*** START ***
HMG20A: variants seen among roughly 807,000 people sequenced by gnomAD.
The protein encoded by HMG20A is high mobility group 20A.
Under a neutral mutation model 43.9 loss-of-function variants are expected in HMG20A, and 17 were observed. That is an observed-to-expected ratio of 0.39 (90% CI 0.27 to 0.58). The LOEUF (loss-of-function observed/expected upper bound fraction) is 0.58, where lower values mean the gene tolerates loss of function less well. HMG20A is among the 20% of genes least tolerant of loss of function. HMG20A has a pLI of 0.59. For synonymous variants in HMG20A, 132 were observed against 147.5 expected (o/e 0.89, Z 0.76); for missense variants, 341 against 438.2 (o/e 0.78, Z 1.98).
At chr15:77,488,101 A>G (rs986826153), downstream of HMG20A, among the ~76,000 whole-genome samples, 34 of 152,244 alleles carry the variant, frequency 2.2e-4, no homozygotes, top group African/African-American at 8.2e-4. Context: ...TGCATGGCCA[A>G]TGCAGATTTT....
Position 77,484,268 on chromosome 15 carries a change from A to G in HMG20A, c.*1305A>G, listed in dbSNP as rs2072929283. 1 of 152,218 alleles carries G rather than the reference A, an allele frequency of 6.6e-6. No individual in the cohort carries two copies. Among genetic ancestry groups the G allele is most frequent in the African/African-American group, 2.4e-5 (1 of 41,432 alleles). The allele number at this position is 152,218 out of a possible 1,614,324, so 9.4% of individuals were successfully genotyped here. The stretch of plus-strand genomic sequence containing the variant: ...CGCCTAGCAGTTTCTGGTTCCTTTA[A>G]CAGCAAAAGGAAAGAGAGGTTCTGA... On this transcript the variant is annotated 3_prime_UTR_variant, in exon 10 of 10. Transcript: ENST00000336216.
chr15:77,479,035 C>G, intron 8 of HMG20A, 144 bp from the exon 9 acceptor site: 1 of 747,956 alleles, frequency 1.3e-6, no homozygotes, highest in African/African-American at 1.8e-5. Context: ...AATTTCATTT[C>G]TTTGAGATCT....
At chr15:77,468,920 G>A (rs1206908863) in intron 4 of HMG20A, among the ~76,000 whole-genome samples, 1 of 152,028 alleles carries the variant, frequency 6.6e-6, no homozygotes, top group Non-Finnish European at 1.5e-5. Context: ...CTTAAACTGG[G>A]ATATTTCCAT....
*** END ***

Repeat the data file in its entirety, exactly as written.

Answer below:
HMG20A: variants seen among roughly 807,000 people sequenced by gnomAD.
The protein encoded by HMG20A is high mobility group 20A.
Under a neutral mutation model 43.9 loss-of-function variants are expected in HMG20A, and 17 were observed. That is an observed-to-expected ratio of 0.39 (90% CI 0.27 to 0.58). The LOEUF (loss-of-function observed/expected upper bound fraction) is 0.58, where lower values mean the gene tolerates loss of function less well. HMG20A is among the 20% of genes least tolerant of loss of function. HMG20A has a pLI of 0.59. For synonymous variants in HMG20A, 132 were observed against 147.5 expected (o/e 0.89, Z 0.76); for missense variants, 341 against 438.2 (o/e 0.78, Z 1.98).
At chr15:77,488,101 A>G (rs986826153), downstream of HMG20A, among the ~76,000 whole-genome samples, 34 of 152,244 alleles carry the variant, frequency 2.2e-4, no homozygotes, top group African/African-American at 8.2e-4. Context: ...TGCATGGCCA[A>G]TGCAGATTTT....
Position 77,484,268 on chromosome 15 carries a change from A to G in HMG20A, c.*1305A>G, listed in dbSNP as rs2072929283. 1 of 152,218 alleles carries G rather than the reference A, an allele frequency of 6.6e-6. No individual in the cohort carries two copies. Among genetic ancestry groups the G allele is most frequent in the African/African-American group, 2.4e-5 (1 of 41,432 alleles). The allele number at this position is 152,218 out of a possible 1,614,324, so 9.4% of individuals were successfully genotyped here. The stretch of plus-strand genomic sequence containing the variant: ...CGCCTAGCAGTTTCTGGTTCCTTTA[A>G]CAGCAAAAGGAAAGAGAGGTTCTGA... On this transcript the variant is annotated 3_prime_UTR_variant, in exon 10 of 10. Transcript: ENST00000336216.
chr15:77,479,035 C>G, intron 8 of HMG20A, 144 bp from the exon 9 acceptor site: 1 of 747,956 alleles, frequency 1.3e-6, no homozygotes, highest in African/African-American at 1.8e-5. Context: ...AATTTCATTT[C>G]TTTGAGATCT....
At chr15:77,468,920 G>A (rs1206908863) in intron 4 of HMG20A, among the ~76,000 whole-genome samples, 1 of 152,028 alleles carries the variant, frequency 6.6e-6, no homozygotes, top group Non-Finnish European at 1.5e-5. Context: ...CTTAAACTGG[G>A]ATATTTCCAT....